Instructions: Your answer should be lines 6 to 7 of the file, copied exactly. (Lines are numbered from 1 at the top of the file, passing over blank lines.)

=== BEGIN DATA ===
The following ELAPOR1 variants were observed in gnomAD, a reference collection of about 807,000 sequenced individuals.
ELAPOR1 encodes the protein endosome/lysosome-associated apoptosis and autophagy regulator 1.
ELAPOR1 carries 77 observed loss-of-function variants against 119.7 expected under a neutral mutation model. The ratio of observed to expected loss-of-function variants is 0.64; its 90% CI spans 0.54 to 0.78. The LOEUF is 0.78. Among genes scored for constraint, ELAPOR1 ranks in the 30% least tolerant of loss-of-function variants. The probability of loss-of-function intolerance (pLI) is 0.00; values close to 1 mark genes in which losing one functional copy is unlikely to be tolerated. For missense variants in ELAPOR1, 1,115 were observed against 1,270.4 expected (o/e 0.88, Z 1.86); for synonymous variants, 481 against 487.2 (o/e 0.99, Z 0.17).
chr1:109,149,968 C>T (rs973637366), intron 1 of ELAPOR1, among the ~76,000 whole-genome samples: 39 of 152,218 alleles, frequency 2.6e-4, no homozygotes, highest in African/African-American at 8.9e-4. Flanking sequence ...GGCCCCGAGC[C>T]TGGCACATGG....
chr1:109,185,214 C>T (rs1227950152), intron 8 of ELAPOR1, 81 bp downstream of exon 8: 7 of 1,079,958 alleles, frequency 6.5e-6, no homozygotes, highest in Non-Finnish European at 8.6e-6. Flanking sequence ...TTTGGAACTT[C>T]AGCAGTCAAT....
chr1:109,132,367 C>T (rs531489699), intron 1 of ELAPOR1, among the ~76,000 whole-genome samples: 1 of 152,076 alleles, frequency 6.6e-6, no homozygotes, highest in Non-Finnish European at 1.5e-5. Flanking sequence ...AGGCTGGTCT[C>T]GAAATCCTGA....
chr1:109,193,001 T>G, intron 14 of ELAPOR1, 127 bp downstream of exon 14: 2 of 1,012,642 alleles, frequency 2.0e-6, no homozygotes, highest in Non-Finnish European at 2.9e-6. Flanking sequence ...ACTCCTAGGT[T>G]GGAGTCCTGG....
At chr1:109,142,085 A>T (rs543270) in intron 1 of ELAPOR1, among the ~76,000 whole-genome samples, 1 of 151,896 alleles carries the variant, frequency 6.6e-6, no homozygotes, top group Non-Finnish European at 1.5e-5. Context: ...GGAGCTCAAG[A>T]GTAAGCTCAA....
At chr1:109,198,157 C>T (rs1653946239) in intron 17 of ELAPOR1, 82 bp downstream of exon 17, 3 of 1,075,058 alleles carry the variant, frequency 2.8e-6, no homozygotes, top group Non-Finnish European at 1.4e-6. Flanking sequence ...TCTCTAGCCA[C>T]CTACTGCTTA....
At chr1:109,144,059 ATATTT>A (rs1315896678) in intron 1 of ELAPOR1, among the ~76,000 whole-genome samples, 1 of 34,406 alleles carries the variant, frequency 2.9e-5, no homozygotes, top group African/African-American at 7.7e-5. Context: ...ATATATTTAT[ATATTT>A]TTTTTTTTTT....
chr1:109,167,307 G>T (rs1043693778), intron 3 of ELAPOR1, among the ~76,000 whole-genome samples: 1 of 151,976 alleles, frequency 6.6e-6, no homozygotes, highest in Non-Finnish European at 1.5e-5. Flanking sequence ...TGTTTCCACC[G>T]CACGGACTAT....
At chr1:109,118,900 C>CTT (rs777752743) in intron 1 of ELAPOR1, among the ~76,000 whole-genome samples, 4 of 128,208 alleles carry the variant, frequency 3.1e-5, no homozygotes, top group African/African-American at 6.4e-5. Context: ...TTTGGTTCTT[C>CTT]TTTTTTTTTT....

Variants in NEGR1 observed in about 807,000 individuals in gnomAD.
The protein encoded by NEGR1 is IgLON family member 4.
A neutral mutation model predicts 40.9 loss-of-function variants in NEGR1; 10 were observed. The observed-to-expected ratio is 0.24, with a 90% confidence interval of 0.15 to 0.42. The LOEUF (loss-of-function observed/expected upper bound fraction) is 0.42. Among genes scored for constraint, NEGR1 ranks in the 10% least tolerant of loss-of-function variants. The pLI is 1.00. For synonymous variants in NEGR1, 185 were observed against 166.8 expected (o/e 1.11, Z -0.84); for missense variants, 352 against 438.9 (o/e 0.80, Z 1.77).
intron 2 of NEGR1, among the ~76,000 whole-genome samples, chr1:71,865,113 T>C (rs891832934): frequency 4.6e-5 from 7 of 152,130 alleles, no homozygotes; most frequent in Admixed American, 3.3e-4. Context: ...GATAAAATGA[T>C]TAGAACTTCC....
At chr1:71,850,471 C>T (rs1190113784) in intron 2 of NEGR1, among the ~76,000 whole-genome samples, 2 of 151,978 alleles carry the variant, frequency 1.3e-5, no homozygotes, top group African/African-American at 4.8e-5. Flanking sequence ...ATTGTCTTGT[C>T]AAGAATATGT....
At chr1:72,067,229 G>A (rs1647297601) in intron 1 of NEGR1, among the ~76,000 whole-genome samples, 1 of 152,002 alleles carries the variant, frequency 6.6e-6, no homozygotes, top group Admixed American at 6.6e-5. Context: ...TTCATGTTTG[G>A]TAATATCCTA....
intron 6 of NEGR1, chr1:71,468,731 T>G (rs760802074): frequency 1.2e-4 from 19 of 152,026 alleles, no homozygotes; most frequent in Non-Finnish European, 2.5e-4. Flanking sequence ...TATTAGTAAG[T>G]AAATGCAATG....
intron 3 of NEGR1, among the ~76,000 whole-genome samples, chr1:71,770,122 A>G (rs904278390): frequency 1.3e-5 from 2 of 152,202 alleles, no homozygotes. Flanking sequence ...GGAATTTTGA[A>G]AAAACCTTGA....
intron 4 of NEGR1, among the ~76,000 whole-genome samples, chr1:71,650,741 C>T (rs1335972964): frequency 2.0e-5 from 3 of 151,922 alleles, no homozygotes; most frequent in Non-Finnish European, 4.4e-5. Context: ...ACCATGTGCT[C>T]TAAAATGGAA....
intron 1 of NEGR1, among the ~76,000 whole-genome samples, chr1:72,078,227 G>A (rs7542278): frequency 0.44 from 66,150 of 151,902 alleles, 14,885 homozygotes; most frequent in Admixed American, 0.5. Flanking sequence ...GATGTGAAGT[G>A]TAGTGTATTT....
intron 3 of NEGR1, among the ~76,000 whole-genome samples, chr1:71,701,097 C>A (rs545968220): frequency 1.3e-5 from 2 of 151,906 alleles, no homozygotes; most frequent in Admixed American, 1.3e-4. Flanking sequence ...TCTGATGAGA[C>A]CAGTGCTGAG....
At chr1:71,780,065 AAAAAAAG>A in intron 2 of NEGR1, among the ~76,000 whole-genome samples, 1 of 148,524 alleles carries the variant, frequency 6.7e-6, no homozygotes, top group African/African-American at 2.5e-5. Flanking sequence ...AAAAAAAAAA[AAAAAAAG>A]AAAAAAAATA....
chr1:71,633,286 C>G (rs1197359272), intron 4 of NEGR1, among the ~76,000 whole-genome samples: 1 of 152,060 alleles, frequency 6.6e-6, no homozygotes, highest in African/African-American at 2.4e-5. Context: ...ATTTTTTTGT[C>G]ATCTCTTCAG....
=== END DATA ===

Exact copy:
chr1:109,132,367 C>T (rs531489699), intron 1 of ELAPOR1, among the ~76,000 whole-genome samples: 1 of 152,076 alleles, frequency 6.6e-6, no homozygotes, highest in Non-Finnish European at 1.5e-5. Flanking sequence ...AGGCTGGTCT[C>T]GAAATCCTGA....
chr1:109,193,001 T>G, intron 14 of ELAPOR1, 127 bp downstream of exon 14: 2 of 1,012,642 alleles, frequency 2.0e-6, no homozygotes, highest in Non-Finnish European at 2.9e-6. Flanking sequence ...ACTCCTAGGT[T>G]GGAGTCCTGG....